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Spend Your Retirement The Way You’re Meant Too…         

GoldUSD 1,198.40
SilverUSD 14.21
PlatinumUSD 822.70
PalladiumUSD 1,050.30


The Roth Individual Retirement Account is the exact opposite to a Tradtional IRA so with a Roth you invest with money that has already been taxed, this way all investment gains are completely yours to keep, this works best when your investment has done well, over many years an investment can easily double or even triple, but you only paid tax on the original input meaning you could potentially have huge amounts of un-taxable retirement funds. Sounds good? well on the face of it yes and it can certainly go this smoothly for you, however what you must be aware of is a Roth IRA is not built for the wealthy investor in mind.

Basically there are many issues that sponsored retirement plans such as a 401k or even a 403b or TSP have that a Roth does not. With an IRA the wealthy have been able to invest and grow their capital in a way the rest of the population couldn’t; for example simply self-directing their own accounts or controlling what goes in. This is how a Roth IRA came about, it is built for us common peasants in mind. firstly a Roth account allows you to withdraw funds after 5 years as long as your aged over 59 1/2 as opposed to 70 1/2, for many of us this is when the money is needed, many Americans look to retire from their life long careers but before doing so need to pay off their mortgage, this lower age limit allows you to withdraw for such events.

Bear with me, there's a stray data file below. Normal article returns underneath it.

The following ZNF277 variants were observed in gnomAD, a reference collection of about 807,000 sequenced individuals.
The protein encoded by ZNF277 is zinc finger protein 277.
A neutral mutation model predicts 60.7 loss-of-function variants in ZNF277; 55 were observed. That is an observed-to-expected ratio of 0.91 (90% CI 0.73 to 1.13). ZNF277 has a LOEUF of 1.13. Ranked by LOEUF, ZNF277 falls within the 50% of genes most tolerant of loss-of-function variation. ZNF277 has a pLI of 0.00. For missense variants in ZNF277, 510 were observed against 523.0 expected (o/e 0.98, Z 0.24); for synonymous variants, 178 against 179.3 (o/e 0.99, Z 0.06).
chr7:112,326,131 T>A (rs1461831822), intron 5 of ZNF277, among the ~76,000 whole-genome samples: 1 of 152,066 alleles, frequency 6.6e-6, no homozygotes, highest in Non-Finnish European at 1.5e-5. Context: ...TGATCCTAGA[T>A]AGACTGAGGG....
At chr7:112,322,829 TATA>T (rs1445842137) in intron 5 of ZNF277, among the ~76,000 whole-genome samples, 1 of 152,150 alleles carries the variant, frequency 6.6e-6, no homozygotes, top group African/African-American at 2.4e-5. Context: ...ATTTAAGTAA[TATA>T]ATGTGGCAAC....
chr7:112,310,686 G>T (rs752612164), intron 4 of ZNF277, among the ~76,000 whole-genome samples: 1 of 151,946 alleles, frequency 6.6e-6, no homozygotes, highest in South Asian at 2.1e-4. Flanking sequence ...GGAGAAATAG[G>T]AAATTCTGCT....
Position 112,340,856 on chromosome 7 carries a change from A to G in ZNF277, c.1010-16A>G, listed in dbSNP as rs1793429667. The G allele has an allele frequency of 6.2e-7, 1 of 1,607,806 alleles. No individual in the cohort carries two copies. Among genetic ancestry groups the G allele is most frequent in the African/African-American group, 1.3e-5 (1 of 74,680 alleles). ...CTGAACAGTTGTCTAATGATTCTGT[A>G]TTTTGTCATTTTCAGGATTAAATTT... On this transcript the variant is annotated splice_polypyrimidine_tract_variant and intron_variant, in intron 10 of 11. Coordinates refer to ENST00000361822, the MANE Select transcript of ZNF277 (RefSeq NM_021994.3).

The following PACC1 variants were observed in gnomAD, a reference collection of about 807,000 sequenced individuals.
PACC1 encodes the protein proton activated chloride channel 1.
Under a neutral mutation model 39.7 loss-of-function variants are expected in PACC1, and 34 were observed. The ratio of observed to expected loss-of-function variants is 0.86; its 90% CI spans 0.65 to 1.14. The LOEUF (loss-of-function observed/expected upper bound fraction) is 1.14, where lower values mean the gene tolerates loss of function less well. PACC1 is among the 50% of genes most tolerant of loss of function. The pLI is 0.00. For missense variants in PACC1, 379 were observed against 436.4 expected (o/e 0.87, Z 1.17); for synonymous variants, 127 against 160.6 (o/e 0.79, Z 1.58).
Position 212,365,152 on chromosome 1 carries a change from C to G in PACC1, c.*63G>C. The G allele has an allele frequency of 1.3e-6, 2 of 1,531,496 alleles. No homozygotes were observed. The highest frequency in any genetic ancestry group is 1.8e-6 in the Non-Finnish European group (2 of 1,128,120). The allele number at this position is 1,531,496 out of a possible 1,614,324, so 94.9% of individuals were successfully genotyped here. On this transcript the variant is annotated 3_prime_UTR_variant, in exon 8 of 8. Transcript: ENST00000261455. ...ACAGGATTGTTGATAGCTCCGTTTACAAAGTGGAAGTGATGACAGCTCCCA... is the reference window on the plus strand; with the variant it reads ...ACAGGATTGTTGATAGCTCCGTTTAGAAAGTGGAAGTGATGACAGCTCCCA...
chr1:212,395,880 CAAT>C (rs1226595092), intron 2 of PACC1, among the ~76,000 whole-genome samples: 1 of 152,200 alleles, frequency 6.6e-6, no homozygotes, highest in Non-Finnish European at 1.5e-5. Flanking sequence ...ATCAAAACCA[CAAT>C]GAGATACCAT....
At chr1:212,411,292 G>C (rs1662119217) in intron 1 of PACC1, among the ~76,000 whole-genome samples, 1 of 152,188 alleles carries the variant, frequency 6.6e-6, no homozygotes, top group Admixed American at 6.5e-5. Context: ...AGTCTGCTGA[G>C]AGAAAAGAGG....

“Like a traditional IRA, you can put your Roth IRA funds into many different investments so long as your custodian is prepared to follow your guidelines”

It also offers peace of mind in the sense that tax has been taken care of, and what you see in your account is what you will get. There is also a lot more flexibility in a Roth such as you can continue to contribute after the age of 70. One of the most attractive features is you can pass on a Roth to a family member and they can also withdraw tax free, this is absolutely huge and will change the landscape of investing as we know it for middle to lower class citizens. You could argue it levels the playing field between the rich and the poor. With these benefits also come disadvantages, firstly you must be below a certain pay threshold, this is what cements it as a working class investment option, in addition to this their is a maximum amount that can be invested with a Roth, in 2015, that’s $5,500, or $6,500 if you’re age 50 or older.

When is A Roth a bad Idea?

If you invest in something that gains no value over the years then you will have no investment gains, this means your money has just sat their doing nothing, it would have been better sitting in the bank, if however you put the same funds into a Traditional IRA and invested into the same things then at least you wouldn’t have had to pay tax on the funds you invested with meaning you would have more money to start with and have avoided tax.

When is a Roth IRA a Good Idea?